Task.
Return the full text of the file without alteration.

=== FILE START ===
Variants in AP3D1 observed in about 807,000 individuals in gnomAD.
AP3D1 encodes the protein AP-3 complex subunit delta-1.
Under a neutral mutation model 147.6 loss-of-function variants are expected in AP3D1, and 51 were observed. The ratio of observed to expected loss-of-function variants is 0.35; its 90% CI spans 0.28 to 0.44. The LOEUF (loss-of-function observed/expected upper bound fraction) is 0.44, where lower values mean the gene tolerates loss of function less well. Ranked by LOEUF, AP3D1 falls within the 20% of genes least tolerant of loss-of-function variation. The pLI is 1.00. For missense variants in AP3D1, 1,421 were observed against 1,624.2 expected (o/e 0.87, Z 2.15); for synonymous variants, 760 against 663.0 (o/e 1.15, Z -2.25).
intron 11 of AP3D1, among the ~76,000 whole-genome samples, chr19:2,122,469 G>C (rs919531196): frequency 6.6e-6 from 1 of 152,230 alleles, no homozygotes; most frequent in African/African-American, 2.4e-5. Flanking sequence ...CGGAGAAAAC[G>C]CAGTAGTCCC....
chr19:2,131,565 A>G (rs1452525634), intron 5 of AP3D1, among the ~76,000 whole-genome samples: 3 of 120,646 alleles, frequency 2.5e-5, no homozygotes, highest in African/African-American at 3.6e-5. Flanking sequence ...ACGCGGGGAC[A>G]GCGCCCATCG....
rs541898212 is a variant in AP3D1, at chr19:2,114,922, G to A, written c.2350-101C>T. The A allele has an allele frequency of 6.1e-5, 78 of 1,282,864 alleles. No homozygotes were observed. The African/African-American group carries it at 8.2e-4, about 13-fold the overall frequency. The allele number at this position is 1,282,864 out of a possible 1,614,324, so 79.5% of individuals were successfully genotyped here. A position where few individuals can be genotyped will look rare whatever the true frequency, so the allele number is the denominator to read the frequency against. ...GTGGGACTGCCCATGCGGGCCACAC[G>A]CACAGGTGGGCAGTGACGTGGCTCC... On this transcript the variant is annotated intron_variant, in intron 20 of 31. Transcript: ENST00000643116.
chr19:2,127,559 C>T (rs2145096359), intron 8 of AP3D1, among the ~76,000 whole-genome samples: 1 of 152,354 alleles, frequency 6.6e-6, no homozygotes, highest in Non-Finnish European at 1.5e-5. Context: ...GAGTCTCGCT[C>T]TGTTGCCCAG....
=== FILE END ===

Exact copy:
Variants in AP3D1 observed in about 807,000 individuals in gnomAD.
AP3D1 encodes the protein AP-3 complex subunit delta-1.
Under a neutral mutation model 147.6 loss-of-function variants are expected in AP3D1, and 51 were observed. The ratio of observed to expected loss-of-function variants is 0.35; its 90% CI spans 0.28 to 0.44. The LOEUF (loss-of-function observed/expected upper bound fraction) is 0.44, where lower values mean the gene tolerates loss of function less well. Ranked by LOEUF, AP3D1 falls within the 20% of genes least tolerant of loss-of-function variation. The pLI is 1.00. For missense variants in AP3D1, 1,421 were observed against 1,624.2 expected (o/e 0.87, Z 2.15); for synonymous variants, 760 against 663.0 (o/e 1.15, Z -2.25).
intron 11 of AP3D1, among the ~76,000 whole-genome samples, chr19:2,122,469 G>C (rs919531196): frequency 6.6e-6 from 1 of 152,230 alleles, no homozygotes; most frequent in African/African-American, 2.4e-5. Flanking sequence ...CGGAGAAAAC[G>C]CAGTAGTCCC....
chr19:2,131,565 A>G (rs1452525634), intron 5 of AP3D1, among the ~76,000 whole-genome samples: 3 of 120,646 alleles, frequency 2.5e-5, no homozygotes, highest in African/African-American at 3.6e-5. Flanking sequence ...ACGCGGGGAC[A>G]GCGCCCATCG....
rs541898212 is a variant in AP3D1, at chr19:2,114,922, G to A, written c.2350-101C>T. The A allele has an allele frequency of 6.1e-5, 78 of 1,282,864 alleles. No homozygotes were observed. The African/African-American group carries it at 8.2e-4, about 13-fold the overall frequency. The allele number at this position is 1,282,864 out of a possible 1,614,324, so 79.5% of individuals were successfully genotyped here. A position where few individuals can be genotyped will look rare whatever the true frequency, so the allele number is the denominator to read the frequency against. ...GTGGGACTGCCCATGCGGGCCACAC[G>A]CACAGGTGGGCAGTGACGTGGCTCC... On this transcript the variant is annotated intron_variant, in intron 20 of 31. Transcript: ENST00000643116.
chr19:2,127,559 C>T (rs2145096359), intron 8 of AP3D1, among the ~76,000 whole-genome samples: 1 of 152,354 alleles, frequency 6.6e-6, no homozygotes, highest in Non-Finnish European at 1.5e-5. Context: ...GAGTCTCGCT[C>T]TGTTGCCCAG....